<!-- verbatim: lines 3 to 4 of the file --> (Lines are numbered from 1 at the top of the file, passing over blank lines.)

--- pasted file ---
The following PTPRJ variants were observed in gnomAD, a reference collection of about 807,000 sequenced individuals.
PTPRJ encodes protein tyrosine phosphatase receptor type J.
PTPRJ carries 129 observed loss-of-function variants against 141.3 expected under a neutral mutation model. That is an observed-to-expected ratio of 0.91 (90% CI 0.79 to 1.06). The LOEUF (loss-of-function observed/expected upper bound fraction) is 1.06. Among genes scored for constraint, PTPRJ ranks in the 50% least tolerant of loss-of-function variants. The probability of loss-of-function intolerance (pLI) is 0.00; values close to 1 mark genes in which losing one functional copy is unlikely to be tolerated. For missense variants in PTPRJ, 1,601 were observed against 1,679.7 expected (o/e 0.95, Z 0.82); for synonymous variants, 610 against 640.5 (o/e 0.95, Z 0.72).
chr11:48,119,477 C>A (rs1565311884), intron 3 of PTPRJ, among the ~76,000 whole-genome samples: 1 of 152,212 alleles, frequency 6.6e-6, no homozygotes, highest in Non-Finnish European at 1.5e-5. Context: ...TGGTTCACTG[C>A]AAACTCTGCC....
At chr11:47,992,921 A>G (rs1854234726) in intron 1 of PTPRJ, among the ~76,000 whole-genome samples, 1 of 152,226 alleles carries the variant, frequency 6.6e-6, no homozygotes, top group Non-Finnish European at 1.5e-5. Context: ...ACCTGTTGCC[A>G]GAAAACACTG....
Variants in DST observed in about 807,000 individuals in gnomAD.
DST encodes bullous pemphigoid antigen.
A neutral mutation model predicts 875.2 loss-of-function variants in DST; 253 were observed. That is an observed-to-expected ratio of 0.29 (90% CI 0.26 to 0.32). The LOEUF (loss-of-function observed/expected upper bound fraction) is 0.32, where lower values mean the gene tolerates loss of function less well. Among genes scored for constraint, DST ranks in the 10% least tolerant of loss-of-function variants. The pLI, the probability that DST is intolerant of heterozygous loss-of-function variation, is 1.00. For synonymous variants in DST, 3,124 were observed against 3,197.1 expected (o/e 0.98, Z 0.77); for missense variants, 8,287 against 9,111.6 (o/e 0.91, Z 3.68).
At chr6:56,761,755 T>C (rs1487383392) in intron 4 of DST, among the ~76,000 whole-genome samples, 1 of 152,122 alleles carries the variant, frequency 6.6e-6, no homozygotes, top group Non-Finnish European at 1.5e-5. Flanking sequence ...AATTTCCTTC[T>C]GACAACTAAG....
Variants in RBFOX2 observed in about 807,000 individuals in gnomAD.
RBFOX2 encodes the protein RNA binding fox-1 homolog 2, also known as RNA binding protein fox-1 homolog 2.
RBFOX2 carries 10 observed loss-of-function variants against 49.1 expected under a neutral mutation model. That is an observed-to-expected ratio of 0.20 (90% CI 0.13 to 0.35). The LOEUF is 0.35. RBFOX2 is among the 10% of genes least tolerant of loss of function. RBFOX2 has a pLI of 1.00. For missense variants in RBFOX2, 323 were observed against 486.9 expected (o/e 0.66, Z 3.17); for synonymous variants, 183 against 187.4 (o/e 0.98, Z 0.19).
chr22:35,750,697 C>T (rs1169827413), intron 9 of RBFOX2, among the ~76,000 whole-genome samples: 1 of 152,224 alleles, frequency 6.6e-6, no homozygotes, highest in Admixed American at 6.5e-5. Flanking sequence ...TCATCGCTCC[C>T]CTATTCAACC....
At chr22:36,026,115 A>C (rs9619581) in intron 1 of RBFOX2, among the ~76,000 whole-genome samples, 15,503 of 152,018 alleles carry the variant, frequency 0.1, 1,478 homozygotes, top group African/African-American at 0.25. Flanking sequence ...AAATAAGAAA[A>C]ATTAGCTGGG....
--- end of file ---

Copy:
PTPRJ carries 129 observed loss-of-function variants against 141.3 expected under a neutral mutation model. That is an observed-to-expected ratio of 0.91 (90% CI 0.79 to 1.06). The LOEUF (loss-of-function observed/expected upper bound fraction) is 1.06. Among genes scored for constraint, PTPRJ ranks in the 50% least tolerant of loss-of-function variants. The probability of loss-of-function intolerance (pLI) is 0.00; values close to 1 mark genes in which losing one functional copy is unlikely to be tolerated. For missense variants in PTPRJ, 1,601 were observed against 1,679.7 expected (o/e 0.95, Z 0.82); for synonymous variants, 610 against 640.5 (o/e 0.95, Z 0.72).
chr11:48,119,477 C>A (rs1565311884), intron 3 of PTPRJ, among the ~76,000 whole-genome samples: 1 of 152,212 alleles, frequency 6.6e-6, no homozygotes, highest in Non-Finnish European at 1.5e-5. Context: ...TGGTTCACTG[C>A]AAACTCTGCC....